I don’t really collect those tiny hotel soaps.
But they follow me home now and then, so chances are I’ll have a selection of miniature bars on hand after a long trip.
When my niece and nephews visit on the weekends, I let them pick their own little soaps to use at bath time. Then, when they are lathering in the tub, I tell them stories about the places I’ve been.
It’s fun to bubble up with soap from all over the world!
Or, perhaps it just seems fun to me. After all, when the kids are in the tub they’re my captive audience.
Recently, my youngest nephew, Graham, chose a fragrant little purple soap from the Park Tower hotel in Buenos Aires, Argentina. The bar was molded in the shape of a small bunch of grapes. (I think it was supposed to smell like wine, but Graham said that it just smelled like “purple.”)
While Graham scrubbed, I told him about the vineyards in the province of Mendoza where Malbec grapes grow. I explained that people in Argentina like to drink red Malbec wine when they eat steak. And they eat a lot of steak because there are a lot of cows in Argentina. And a lot of cows means a lot of Argentinian cowboys, who are called “gauchos.” (No, Graham, gauchos are not grouchy. But that’s a good question.)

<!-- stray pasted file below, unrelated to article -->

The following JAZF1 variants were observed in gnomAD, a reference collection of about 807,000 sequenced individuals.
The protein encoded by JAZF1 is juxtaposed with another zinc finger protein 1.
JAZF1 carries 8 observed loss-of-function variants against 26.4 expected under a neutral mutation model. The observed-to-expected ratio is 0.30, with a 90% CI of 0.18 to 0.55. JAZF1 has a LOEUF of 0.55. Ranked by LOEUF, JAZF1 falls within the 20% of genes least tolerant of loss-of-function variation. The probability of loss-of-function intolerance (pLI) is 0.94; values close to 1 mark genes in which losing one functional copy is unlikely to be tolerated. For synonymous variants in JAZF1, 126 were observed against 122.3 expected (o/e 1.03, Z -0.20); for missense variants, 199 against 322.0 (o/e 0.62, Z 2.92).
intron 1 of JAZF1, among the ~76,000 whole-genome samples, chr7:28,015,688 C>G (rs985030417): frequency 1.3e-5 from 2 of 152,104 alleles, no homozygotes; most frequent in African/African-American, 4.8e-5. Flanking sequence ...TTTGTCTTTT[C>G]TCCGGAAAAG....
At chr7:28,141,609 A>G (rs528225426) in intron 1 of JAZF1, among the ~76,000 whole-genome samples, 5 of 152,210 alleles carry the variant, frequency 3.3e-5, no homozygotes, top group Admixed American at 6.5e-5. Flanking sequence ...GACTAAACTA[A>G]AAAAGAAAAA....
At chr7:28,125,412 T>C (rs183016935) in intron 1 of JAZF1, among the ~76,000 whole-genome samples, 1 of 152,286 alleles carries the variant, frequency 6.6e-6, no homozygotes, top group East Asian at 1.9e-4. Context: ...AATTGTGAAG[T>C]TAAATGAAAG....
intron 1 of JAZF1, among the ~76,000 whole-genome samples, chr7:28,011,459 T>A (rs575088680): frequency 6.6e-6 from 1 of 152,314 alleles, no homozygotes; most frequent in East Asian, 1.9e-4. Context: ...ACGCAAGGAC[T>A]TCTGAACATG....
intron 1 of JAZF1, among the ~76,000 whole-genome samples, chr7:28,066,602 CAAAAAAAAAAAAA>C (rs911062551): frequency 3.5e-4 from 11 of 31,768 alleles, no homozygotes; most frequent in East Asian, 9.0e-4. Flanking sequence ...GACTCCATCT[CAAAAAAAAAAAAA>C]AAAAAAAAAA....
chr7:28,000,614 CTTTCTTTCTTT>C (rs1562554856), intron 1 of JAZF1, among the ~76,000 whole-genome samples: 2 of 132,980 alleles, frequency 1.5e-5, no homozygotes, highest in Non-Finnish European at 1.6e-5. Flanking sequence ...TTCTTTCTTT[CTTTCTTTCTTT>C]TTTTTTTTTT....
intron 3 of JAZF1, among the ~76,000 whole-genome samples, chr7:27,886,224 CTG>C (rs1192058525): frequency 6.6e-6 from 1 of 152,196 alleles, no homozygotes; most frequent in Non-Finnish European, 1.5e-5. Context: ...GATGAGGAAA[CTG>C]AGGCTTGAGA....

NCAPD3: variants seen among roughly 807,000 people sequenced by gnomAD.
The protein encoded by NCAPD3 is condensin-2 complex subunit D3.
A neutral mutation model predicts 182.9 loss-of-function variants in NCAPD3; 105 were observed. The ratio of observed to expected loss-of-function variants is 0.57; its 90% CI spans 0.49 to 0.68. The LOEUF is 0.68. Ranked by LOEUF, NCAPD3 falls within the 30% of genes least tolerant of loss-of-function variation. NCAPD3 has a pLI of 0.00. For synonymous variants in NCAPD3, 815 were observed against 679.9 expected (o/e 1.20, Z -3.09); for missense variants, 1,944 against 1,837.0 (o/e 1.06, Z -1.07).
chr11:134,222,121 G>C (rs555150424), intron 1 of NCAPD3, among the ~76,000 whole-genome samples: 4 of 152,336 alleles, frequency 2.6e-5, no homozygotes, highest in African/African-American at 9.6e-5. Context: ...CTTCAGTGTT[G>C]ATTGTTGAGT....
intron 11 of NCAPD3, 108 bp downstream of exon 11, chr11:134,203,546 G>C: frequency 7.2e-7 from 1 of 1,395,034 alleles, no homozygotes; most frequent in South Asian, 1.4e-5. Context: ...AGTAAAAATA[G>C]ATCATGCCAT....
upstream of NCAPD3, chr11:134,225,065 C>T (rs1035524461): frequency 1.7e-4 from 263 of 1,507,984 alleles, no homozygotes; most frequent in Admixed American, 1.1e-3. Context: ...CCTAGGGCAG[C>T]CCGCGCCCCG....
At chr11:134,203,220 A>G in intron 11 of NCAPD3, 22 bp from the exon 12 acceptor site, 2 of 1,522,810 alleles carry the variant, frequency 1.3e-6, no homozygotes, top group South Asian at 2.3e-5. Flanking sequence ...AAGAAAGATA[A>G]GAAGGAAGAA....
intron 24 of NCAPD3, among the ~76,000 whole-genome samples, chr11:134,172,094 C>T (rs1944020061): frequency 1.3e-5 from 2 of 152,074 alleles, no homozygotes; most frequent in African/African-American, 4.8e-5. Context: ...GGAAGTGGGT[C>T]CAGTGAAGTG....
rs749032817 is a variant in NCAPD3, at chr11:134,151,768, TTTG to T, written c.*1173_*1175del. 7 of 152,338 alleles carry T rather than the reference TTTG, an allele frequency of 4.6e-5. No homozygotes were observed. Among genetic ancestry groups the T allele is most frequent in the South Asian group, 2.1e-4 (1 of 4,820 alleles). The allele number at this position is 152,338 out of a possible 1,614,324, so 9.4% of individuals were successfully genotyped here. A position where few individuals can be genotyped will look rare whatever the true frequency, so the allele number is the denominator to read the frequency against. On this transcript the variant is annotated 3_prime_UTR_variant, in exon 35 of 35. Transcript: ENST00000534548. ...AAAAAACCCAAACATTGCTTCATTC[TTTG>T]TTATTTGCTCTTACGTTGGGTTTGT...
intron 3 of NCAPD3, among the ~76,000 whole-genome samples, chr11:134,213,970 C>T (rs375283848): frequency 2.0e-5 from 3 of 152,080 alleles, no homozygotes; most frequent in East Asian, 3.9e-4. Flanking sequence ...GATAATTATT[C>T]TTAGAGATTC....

I told him that the gauchos and the cows live on Argentinian grasslands called the Pampas. “Pampas like the diapers?” he asked.
Time to change gears.
I moved from the Pampas to the borderlands where the mighty Iguazu River divides Argentina and Brazil. This is where I saw Iguazu Falls, the most amazing collection of waterfalls in the whole world. I described how the falls are so noisy that you can barely hear yourself talk if you’re nearby. I told him that you can get completely wet just from the splashy mist on the cliffs near the river.
The Iguazu Falls were more interesting to Graham than the gauchos on the Pampas, so we built our own falls in the bathtub. He gave his plastic dinosaur toys a good scrubbing with the purple scented soap, then he rinsed them clean by dunking them under a waterfall poured from a plastic cup. We made a huge mess. I figured that he might not be paying attention to my travel stories, but we were having a great time.
After his bath, Graham dried himself off and rescued each of the clean dinosaurs from the soapy tub. As he lined up the dinosaurs along the tub edge, he picked one up and gave it a sniff. “This dinosaur smells like Argentina” he said.
So he was listening after all.